How To Catch A Rabbit

How To Catch A Rabbit
theSpaces on the Mile (Venue 39b)
3 stars ***

THERE’S A TERRIFIC poetic talent somewhere behind this intense one-hour play, presented by the new Revolving Shed student company from the LSE. Seizing on the vital subject of the fate of traveller communities in our increasingly claustrophobic and conformist society, Alex Rodin’s powerful text uses a series of short, alternating scenes and songs, each one titled like a poem, to evoke the life of a community on the edge, and constantly under threat of dispersal and destruction, but still bursting with a kind of sassy erotic energy and resilience that settled folk can only envy.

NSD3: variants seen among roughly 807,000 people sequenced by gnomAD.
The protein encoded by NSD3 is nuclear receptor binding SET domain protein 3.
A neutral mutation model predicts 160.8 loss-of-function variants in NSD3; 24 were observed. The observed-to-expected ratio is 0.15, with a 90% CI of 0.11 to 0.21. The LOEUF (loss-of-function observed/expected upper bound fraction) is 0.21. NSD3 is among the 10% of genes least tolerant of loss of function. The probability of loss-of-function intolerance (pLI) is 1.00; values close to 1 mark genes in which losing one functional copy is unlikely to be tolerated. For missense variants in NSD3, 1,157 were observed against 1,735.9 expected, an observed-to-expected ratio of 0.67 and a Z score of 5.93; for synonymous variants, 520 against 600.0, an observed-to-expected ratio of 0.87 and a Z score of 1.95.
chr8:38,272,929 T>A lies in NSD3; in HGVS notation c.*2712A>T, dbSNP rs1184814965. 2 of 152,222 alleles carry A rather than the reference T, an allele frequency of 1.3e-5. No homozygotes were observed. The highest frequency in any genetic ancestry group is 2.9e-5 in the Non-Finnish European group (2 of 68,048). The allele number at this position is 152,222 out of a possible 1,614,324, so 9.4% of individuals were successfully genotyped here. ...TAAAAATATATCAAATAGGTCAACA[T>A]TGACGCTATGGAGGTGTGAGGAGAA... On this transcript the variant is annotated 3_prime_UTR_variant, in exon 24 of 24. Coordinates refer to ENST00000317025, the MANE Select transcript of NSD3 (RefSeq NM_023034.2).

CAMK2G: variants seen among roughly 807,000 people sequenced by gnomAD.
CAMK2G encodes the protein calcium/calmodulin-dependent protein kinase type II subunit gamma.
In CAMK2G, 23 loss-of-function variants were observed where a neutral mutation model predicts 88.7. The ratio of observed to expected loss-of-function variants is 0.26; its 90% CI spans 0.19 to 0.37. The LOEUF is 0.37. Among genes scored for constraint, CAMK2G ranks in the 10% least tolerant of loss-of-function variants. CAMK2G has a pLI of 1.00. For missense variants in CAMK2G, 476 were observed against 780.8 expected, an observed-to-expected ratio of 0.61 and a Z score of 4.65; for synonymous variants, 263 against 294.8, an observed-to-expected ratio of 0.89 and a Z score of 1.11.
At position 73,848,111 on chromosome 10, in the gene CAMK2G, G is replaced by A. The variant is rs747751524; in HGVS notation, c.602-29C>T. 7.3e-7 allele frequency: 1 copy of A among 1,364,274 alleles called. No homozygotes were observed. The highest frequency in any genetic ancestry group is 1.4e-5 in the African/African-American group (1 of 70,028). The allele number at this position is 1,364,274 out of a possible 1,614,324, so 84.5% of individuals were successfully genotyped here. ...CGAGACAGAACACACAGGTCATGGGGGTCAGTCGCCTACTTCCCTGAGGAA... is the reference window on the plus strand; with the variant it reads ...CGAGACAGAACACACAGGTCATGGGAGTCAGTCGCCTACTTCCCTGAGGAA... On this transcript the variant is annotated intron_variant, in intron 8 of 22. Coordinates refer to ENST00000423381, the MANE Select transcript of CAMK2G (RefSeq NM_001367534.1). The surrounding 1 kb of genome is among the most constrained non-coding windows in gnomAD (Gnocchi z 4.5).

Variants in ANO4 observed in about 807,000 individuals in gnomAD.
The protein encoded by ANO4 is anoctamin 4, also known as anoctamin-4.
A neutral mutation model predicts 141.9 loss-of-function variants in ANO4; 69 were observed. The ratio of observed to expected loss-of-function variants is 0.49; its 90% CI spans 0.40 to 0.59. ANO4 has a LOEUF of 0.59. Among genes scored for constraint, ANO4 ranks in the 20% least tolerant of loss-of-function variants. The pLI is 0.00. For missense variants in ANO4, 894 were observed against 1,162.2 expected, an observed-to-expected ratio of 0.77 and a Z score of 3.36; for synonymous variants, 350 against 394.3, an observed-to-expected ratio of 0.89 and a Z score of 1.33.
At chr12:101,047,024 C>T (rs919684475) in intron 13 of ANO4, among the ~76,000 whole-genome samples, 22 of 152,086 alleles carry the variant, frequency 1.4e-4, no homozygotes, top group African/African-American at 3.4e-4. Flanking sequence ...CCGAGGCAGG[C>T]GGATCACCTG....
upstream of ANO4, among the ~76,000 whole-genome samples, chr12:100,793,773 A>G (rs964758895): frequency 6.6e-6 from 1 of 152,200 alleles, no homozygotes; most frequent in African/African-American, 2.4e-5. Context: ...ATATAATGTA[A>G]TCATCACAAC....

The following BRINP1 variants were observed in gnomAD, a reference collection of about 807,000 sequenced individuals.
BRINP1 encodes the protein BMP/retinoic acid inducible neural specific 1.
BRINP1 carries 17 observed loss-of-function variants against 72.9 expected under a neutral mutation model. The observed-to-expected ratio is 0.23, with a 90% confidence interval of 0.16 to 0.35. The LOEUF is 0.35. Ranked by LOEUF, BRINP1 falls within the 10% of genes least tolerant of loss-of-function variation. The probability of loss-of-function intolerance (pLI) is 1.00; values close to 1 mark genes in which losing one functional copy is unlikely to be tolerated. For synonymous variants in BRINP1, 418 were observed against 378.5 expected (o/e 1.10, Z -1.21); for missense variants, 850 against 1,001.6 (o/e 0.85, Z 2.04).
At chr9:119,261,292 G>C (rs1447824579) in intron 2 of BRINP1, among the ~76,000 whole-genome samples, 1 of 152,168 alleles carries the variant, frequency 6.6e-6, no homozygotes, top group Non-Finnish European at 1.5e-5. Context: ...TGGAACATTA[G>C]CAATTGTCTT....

The scene is a council campsite somewhere in east London, where a few traveller families live on sufferance, while locals leer at them, project all kinds of misdemeanours onto them, and plot to get rid of them. Crammed into a tiny space at the Radisson, Rodin’s production – for a cast of six plus a violinist, playing a terrific live score – seems short of space and long on overpitched, shouty performance; there’s just too much sound and fury here, some needlessly showy acting, and not enough willingness to let the poetry speak for itself. Still, this is a debut production ablaze with talent; and a new play full of creative potential, on a subject that tells us more about the society we live in than it’s altogether comfortable to know.

Joyce McMillan
Until 29 August
p. 270


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